ST. GEORGE — This year’s legislative slate includes three bills aimed at juvenile justice reform, including sentencing and penalty amendments, as well as providing services to incarcerated youth.
House Bill 279: Higher Education for Incarcerated Youth
Sponsored by Rep. Lowry Snow, R-St. George, HB-279 aims to bring higher education to incarcerated youth. If passed, the bill will ensure that incarcerated youth will have access to courses provided by Dixie State University.
That means that young people who are incarcerated will have access to courses, as well as instructors, so that they may use their time productively. If they choose, they may work toward a number of degree or technical certificates.
Snow said that Utah needs to do more to ensure that, when released, formerly incarcerated youth have the skills they need to earn a living and contribute to their communities.
“Education is the antidote to recidivism,” Snow said. “We’ve got to invest in educational outreach. This program will provide course materials to work on, so they can prepare for their release and get jobs for themselves.”
Snow said that too often the adult population receives attention, while youth are forgotten.
“The way we handle young people determines how they develop,” Snow said. “Data shows that the way we deal with them in schools has an impact on them as adults. When mistreated, they may develop social problems. I’m trying to get to the headwater.”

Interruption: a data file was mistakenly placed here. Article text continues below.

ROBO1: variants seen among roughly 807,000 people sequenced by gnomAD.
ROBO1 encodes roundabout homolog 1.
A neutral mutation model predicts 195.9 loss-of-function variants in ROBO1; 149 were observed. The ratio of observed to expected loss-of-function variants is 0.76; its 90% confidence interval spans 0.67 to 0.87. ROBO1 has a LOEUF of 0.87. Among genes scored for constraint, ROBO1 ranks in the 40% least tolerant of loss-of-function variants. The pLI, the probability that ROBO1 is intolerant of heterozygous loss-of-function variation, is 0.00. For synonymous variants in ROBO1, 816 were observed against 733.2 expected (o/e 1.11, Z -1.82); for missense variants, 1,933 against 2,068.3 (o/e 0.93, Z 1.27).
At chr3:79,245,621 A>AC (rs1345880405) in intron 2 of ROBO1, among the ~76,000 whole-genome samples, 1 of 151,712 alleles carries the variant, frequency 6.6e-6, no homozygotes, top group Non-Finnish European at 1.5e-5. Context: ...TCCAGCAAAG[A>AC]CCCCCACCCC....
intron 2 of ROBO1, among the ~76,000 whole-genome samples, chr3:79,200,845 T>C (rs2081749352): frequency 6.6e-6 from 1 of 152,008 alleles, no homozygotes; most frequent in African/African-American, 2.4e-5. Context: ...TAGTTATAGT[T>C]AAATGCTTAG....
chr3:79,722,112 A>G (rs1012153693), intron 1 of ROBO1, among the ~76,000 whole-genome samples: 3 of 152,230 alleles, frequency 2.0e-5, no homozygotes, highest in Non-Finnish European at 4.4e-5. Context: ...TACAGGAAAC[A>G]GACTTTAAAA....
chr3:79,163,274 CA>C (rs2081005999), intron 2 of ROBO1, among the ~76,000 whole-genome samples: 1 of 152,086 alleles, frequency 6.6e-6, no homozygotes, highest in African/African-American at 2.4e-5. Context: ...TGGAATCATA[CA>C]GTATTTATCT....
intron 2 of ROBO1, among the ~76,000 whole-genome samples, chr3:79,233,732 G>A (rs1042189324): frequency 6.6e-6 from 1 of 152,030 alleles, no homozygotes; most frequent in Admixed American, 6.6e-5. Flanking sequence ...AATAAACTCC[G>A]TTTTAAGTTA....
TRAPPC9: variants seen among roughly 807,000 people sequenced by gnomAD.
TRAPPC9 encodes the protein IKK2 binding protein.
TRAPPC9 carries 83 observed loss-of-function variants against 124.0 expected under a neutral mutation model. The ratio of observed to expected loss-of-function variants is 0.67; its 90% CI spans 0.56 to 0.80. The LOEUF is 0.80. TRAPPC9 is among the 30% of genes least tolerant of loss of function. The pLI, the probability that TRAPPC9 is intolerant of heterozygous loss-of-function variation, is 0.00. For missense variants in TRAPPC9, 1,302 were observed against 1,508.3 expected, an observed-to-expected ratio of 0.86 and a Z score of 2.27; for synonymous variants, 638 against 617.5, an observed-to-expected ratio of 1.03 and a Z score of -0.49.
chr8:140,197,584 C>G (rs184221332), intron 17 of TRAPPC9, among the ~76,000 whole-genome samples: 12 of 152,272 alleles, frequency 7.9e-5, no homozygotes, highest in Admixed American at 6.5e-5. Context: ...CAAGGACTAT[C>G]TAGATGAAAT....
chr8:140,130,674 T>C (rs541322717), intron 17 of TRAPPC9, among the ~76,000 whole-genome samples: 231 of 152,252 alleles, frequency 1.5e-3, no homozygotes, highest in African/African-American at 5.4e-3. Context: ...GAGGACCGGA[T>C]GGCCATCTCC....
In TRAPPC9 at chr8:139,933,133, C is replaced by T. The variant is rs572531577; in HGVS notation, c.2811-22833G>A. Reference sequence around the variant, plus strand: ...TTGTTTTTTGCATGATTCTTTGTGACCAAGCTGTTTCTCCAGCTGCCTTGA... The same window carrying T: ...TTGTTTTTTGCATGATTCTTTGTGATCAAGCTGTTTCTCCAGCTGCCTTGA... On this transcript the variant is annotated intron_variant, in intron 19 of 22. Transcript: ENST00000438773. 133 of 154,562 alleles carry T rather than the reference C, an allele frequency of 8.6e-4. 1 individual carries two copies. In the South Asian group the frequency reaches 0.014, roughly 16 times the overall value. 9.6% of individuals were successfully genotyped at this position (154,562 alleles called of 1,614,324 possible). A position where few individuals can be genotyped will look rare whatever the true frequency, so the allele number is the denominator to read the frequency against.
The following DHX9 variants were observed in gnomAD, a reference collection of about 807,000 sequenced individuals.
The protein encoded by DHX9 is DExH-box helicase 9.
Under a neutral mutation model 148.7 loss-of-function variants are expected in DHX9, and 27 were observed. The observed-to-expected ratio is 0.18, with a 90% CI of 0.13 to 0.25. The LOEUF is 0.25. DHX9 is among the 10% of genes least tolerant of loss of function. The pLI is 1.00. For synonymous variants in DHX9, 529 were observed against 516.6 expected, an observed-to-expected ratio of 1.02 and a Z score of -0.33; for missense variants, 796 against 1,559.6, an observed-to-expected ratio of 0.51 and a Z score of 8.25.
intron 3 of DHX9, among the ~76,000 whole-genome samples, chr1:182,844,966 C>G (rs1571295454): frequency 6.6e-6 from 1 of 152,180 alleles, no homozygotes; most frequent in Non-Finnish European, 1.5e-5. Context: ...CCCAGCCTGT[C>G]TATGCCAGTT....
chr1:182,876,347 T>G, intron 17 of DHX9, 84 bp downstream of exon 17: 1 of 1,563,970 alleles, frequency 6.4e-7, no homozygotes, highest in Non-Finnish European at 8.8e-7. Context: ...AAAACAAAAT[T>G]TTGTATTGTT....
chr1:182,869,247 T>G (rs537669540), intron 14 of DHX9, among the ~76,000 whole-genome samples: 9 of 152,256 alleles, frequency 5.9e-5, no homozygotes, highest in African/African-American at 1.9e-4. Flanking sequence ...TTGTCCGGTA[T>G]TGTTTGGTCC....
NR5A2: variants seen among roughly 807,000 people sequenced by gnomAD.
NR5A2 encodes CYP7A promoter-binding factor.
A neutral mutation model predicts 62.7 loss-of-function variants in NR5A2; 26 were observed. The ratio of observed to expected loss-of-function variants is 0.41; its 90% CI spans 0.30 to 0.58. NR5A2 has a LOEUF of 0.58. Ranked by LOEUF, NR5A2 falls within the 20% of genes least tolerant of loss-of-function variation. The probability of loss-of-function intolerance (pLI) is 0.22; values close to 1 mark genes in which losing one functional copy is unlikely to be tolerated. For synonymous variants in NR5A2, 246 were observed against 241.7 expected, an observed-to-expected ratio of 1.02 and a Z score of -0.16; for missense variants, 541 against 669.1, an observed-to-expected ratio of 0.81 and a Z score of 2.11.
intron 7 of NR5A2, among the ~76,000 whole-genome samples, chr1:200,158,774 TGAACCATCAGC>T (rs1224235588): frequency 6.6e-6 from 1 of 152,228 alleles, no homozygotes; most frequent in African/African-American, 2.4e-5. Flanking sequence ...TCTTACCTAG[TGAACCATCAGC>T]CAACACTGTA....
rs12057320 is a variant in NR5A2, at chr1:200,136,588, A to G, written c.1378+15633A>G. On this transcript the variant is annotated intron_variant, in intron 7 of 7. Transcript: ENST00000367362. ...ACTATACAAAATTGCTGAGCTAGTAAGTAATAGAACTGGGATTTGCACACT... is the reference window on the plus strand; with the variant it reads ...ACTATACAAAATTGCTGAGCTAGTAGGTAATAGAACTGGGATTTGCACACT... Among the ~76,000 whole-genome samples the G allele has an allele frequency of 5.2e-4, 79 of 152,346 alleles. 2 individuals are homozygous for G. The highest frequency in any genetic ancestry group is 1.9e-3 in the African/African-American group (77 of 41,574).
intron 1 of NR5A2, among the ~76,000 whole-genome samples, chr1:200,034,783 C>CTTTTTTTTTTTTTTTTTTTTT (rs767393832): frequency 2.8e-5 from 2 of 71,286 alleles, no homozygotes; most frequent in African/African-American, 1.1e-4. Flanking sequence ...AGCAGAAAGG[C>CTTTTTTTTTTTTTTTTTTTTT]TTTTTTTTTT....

Studies show that young people who are incarcerated are many times more likely to commit new crimes once released. Because these are youth who have committed serious crimes, they may arguably require more attention and services than lower level offenders.
HB-279 has been publicly distributed but is awaiting fiscal input before moving on to the next stage.
House Bill 67: Juvenile Sentencing Amendments
Sponsored by Rep. Craig Hall, R-West Valley City, HB-67 is an attempt to amend a juvenile sentencing law. As it stands, when a juvenile who was sentenced before he was 18 was transferred to an adult facility, an adult court judge could reduce his sentence.
This posed potential problems, as juveniles who didn’t belong in an adult facility could be sent there to finish out their sentences.
Yet Jenny Brotherson, mother of deceased West Valley Police officer Cody Brotherson, said there are times when they should serve out their sentences.
In November 2016, West Valley Police officer Cody Brotherson was laying down spikes on the road to stop a pair of teenage brothers in a stolen car as they fled from law enforcement. The driver and his brother, Christopher and Lawrence Boggs, struck and killed Brotherson.
The Boggs brothers were charged with first-degree felony murder in juvenile court, as well as vehicle theft, failing to stop for law enforcement and other gang-related crimes. Each boy took a plea deal, pleading guilty to lesser crimes to resolve their cases.
“The juvenile court judge handed down the maximum sentence to these teens,” Hall told the committee. “They could be held until they were 21; however, in 2020, the brothers were involved in two separate assaults. They were taken out of the juvenile facility and placed in an adult facility.”